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A Place to Belong

October 20, 2012

“To be yourself in a world that is constantly trying to make you something else is the greatest accomplishment.”
~Ralph Waldo Emerson

Mary turned three last week. My sweet little baby girl is now a full-fledged preschooler. She had her first day of school on her birthday.

I brought her to school with my heart in my throat. This has to work. I was just praying that we had made the right choice for her – that this school would be different. That she could succeed here. That she could be happy here.

We brought her into the school, and set her down. She immediately let go of my hand and made for the fish tank in the common area. She started exploring her new space. Her new teacher called her over, signing introductions to her new classmates. She approached them, as I chatted with her behavioral team who had also come to observe and assist with this transition. With very little urging, she followed her class into the classroom and took her place at the table. I let the breath escape my lungs. She belongs here. She looks so comfortable here.

She did great the first day. She had a few bumps in the road the following days – a minor choking incident, a display of frustrated aggression towards her behavioral aid, but all in all, a very good first few days.

So now, she has just finished her first full week at school. She loves it. She smiles as we arrive. At her old school, she usually bolted for the door. Here she eagerly escapes my grasp to dance around her new space, check out the fish tank, and head over to her classroom and her new friends.

I’ve been watching her navigate her new space. I’ve been watching the other children with her. I’ve been observing how the staff interact with her. We picked this school for the simple reason that they are adept at total communication. Now I see how it is so much more than that to Mary.

There is a peacefulness here. There is no excessive chatter, as the staff and students sign to each other. Many of them speak as well, but not all. Mary is never pressured to speak here. There is no forceful insistence on speech – instead any form of communication is accepted, cherished and celebrated. She happily navigates through her iPad, or quietly signs “more” (the one clumsy sign that she has recovered since she lost her expressive language).

Today she even attended the homecoming pep rally. Having been to pep rallies when I was in high school, I was concerned that the noise would be a problem for her. I watched nervously from the hallway of the gym. What I saw was incredible. Friends, teachers, alumni, all signing happily to each other – a beautiful tight-nit community. Oh how I want that for my girl. The mascot leading the audience in a signed chant. It wasn’t silent, but it was enjoyably quiet, and fun. Mary sat happily through the entire rally.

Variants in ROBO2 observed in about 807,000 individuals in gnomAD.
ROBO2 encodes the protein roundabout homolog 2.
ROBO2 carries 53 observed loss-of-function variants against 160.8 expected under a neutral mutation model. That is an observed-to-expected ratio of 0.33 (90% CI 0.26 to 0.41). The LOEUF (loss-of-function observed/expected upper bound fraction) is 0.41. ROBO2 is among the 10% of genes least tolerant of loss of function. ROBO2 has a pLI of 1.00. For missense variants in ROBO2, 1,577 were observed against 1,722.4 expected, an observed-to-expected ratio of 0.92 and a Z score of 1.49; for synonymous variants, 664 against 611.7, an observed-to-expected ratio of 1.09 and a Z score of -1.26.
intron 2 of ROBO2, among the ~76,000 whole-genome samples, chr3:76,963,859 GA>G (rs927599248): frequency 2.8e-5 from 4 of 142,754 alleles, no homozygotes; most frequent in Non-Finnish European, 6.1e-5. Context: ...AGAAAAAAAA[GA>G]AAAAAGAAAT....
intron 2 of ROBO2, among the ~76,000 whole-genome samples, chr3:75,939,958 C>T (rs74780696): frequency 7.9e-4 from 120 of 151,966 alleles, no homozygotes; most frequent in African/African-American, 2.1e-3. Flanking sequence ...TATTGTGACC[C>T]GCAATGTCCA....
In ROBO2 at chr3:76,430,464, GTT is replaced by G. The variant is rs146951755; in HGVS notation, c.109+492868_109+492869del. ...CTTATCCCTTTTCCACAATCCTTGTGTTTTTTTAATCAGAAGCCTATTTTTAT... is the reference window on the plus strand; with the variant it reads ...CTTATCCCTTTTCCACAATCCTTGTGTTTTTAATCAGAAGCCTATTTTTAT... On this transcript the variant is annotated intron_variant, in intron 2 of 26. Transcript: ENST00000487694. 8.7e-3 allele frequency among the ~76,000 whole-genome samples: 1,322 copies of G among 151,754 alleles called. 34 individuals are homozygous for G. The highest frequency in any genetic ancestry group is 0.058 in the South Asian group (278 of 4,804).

Yesterday, we went on a field trip to a farm that is owned by the school’s former principal. It was perfect. She was never hurried. She was encouraged to sit and examine the pumpkin vines, just as she likes to. She skipped the corn maze, preferring instead to sit amongst the stalks, watching the wind blow through them. She was amazed. She was happy. She was not only allowed, but encouraged to take in the full sensory experience, as one teacher quietly approached her and offered her an ear of corn to touch and explore. Her silence is honored here.

Her old school prized itself on being able to get deaf children to speak, but I wonder how much information she could really take in. The ASL combined with the spoken language seems to help Mary understand more of what is being said – she misses less information. This new school also encourages a total sensory experience to facilitate learning. They encourage my daughter without pressuring her. They celebrate her instead of trying to change or fix her.

And with all of that – all of the acceptance and encouragement – she has started babbling at home this week. Not clear speech, but new sounds, a conversational inflection in her voice. There is a new confidence about her. There is something happening with her that I just have not seen in her before. I can’t know yet if this will be a permanent school for Mary. But for right now, for this moment in time, I am so hopeful. It looks so much like my baby girl has found a place where she can belong, and a community there that cherishes her. I don’t think I can or even need to tell you what that means – It’s everything.


The following is an excerpt from a post by Jess at Diary of a Mom. I invite you to click over and read the post in its entirety.

Hopes and Dreams


“Hopes and Dreams,” it said on top of the page. Brooke’s first grade teacher had sent it home for us to fill it out before meeting with her.